Everything is Awesome (16b of 52)

Sunday, April 09, 2017
Chipata, Northern Region, Zambia
Guys! We have water! No really, this is huge. They fixed our water so that it actually comes out of the faucet all the time! And! They fixed our hot water tank, so not only do we have water, and water pressure, but we have hot water. I enjoyed my first hot shower in weeks on Wednesday. It was glorious! Seriously, everything is awesome. Sometimes you don't realize how something is weighing on you until it's fixed.

We spent a pretty lazy Sunday getting some things around the house done, including some deleavening . I've felt on the verge of a cold for the last week, so it was nice to take it a little easier than normal.

On Monday Beverly and Victor Kubik arrived around noon. We took them to their hotel; and then brought them to our house to have dinner. We made garlic Nali beef ribs; Nali sauce is a delicious hot sauce made locally here in Malawi. The ribs were fantastic, if I don't say so myself.

On Tuesday we remembered that we had to extend our visitor's permit and rushed to the immigration department at 7:30am. It is a simple procedure: we pay our money, they stamp our passports and send us on our way. Thankfully it's only 10,000 MK (Malawian Kwatcha) for both of us; it may sound like a lot, but that's approximately $15. It's a little annoying that we have to get the extension since we were leaving the country the next day (going to Zambia to visit the Chipata congregation). But immigration laws are immigration laws no matter where you go, and it's important to obey them regardless of the inconvenience/cost .

We then picked the Kubiks up and headed to the church hall so the Kubiks could inspect the progress and meet with the building committee to discuss the plans to complete the building. We also got to see the completed water tower that was constructed this last week.

The Kubiks were kind enough to treat us to a dinner out, and we found a fun new (to us) area: the Old Town Mall, and an excellent restaurant, Mamma Mia. We ended the day early to prepare for our journey to Chipata on Wednesday morning.

On Wednesday we traveled to Chipata, Zambia. This is our second trip here, and you can't visit these wonderful people without your heart being touched. We were introduced to a beautiful woman; a widow in her sixties who cares for HIV orphans (children whose parents died of HIV). Her name is Alyda. To care for these children she would grind stones to make gravel and sell . It was hard and laborious work. LifeNets and Good Works provided grain and food to sustain the people of Malawi and Zambia through this most recent drought. However, Filius Jere (the deacon of United Church of God in Chipata), asked to use some of the funds to teach the recipients how to farm sustainably. Alyda was one of those recipients. She was able to grow enough food to sustain her and her wards for a full year. I'm crying as I write this because these beautiful people endure so much, but they are so humble and loving.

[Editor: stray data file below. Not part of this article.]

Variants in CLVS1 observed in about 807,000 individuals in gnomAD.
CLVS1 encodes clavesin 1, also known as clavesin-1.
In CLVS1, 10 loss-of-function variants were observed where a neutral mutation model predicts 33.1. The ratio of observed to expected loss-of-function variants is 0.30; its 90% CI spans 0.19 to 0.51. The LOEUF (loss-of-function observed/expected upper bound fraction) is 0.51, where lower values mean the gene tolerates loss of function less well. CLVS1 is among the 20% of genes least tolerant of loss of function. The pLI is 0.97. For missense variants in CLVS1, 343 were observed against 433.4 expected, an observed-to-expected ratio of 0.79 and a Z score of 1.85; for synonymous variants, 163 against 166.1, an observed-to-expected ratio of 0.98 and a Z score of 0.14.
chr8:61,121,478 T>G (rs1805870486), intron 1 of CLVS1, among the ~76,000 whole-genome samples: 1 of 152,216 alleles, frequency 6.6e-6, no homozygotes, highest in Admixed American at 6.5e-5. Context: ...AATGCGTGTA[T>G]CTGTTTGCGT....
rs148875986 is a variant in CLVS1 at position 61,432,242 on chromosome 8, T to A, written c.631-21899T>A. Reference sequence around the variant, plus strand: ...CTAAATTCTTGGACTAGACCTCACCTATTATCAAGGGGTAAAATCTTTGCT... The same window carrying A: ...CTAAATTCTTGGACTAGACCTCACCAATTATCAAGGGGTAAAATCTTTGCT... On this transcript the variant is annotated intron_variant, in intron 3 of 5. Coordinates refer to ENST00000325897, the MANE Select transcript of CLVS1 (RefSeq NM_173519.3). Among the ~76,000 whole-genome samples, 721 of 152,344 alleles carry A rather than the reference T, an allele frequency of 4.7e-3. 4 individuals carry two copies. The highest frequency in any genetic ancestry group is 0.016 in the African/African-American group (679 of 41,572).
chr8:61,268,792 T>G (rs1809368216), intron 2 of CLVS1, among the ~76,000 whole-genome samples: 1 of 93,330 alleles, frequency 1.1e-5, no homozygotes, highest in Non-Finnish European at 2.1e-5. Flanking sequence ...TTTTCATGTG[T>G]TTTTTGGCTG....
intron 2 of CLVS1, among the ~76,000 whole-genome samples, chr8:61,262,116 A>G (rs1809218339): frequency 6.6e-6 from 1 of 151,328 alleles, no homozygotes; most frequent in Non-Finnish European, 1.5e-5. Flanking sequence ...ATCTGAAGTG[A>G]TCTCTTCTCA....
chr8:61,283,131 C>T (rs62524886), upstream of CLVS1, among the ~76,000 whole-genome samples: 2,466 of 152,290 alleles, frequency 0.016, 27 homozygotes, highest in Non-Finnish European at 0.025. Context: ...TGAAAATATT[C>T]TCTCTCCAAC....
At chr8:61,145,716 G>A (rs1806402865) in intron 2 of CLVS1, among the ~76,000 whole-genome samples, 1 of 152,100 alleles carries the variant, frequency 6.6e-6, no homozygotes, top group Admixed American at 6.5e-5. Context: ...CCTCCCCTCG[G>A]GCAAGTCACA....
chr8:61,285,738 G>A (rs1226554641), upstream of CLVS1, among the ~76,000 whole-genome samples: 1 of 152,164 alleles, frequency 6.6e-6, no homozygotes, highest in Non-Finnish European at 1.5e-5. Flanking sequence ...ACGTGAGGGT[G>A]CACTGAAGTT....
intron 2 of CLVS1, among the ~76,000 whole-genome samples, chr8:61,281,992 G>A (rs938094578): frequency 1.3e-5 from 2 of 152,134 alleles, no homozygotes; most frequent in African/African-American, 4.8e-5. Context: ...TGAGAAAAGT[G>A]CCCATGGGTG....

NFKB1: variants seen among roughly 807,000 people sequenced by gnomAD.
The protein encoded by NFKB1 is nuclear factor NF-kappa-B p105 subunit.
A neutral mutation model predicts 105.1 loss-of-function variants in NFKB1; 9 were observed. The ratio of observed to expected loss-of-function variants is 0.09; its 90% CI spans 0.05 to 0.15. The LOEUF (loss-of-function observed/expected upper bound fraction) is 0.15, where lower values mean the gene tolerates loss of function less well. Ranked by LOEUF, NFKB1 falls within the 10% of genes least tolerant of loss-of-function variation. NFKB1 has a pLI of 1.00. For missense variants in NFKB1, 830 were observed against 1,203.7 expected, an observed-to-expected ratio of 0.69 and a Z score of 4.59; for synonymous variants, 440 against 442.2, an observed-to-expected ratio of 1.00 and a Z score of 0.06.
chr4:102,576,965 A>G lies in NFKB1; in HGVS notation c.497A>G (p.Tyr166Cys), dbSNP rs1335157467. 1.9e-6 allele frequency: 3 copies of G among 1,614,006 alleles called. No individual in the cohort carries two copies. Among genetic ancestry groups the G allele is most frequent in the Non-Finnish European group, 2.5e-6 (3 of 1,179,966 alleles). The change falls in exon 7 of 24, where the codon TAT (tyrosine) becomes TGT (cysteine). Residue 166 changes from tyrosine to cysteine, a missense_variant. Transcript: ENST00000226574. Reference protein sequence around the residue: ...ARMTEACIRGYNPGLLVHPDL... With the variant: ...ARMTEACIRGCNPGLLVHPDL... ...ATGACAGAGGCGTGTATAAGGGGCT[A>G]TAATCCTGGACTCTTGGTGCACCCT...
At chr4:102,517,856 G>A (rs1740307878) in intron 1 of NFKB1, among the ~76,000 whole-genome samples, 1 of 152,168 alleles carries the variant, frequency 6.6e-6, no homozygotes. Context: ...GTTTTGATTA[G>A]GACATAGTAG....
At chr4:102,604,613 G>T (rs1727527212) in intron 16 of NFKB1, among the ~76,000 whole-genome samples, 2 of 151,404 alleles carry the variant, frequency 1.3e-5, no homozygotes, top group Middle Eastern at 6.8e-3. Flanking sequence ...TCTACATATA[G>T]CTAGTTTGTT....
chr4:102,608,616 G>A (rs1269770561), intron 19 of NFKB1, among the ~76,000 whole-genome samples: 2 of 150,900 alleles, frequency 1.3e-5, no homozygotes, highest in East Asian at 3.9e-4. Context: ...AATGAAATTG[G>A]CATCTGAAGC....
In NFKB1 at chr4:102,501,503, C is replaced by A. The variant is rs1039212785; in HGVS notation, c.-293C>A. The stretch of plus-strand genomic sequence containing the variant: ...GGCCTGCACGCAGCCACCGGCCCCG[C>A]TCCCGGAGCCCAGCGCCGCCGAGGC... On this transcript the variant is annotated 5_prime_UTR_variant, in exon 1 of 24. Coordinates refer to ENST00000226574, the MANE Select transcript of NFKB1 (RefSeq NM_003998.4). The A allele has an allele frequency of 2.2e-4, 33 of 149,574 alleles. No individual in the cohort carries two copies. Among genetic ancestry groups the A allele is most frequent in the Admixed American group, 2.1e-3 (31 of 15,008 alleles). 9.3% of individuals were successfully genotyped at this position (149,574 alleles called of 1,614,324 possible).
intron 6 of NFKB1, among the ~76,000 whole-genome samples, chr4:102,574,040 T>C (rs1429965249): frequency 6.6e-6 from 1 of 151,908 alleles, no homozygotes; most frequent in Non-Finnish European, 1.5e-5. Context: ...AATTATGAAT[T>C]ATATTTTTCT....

Then four drunk guys crashed our middle-of-the-afternoon Bible study in Chipata. Sometimes there are just no words. Lewis ushered them out of the hall and counseled them on the error of their ways. One guy asked how we would help his life... Lewis told him to not get drunk and to read his Bible. That's my wonderful Lewis: so optimistic, and yet so pragmatic. Brennan followed the group outside as "muscle" in case they gave Lewis any problems . They left peacefully.

The border crossing is always a hassle, coming and going. Wednesday was no exception. We thought we had the process down pat, but they always seem to find fun new ways to get more money from you. Oh well.

The rest of the week was spent working and deleavening.

But the Sabbath was lovely. We had a nice service and then a congregational meeting to discuss the Feast of Tabernacles and work parties for the almost completed church hall. The Lilongwe congregation is filled with passionate and dedicated folks. It's wonderful to see them come together and work toward a common goal.

There's a deacon here named Alfred Mitomoni; he's married to Esther, and they have two beautiful young children named Ethel and Ryan. Late last year/early this year Alfred was diagnosed with throat cancer. I write about him today because, despite intense treatments, and a diet limited to rice porridge he spends much time serving others, in our church and in his community. He particularly enjoys working with the youth, encouraging them to also serve their congregation and to find ways to serve their communities. The world would be a much better place if we had a lot more Alfred Mitomonis.
Other Entries

Photos & Videos

Legacy Video (flv)



Oh wow, this entry made me all teary, which doesn't often happen. What an eventful blog, with the Kubiks' arrival, hot water, border crossing again, Bible study with drunk visitors, and the stories of Alyda and Alfred and his family. How amazing. Thank you, Lena. You and Lewis and the brethren are in our prayers. Have a wonderful Passover and feast. Much love!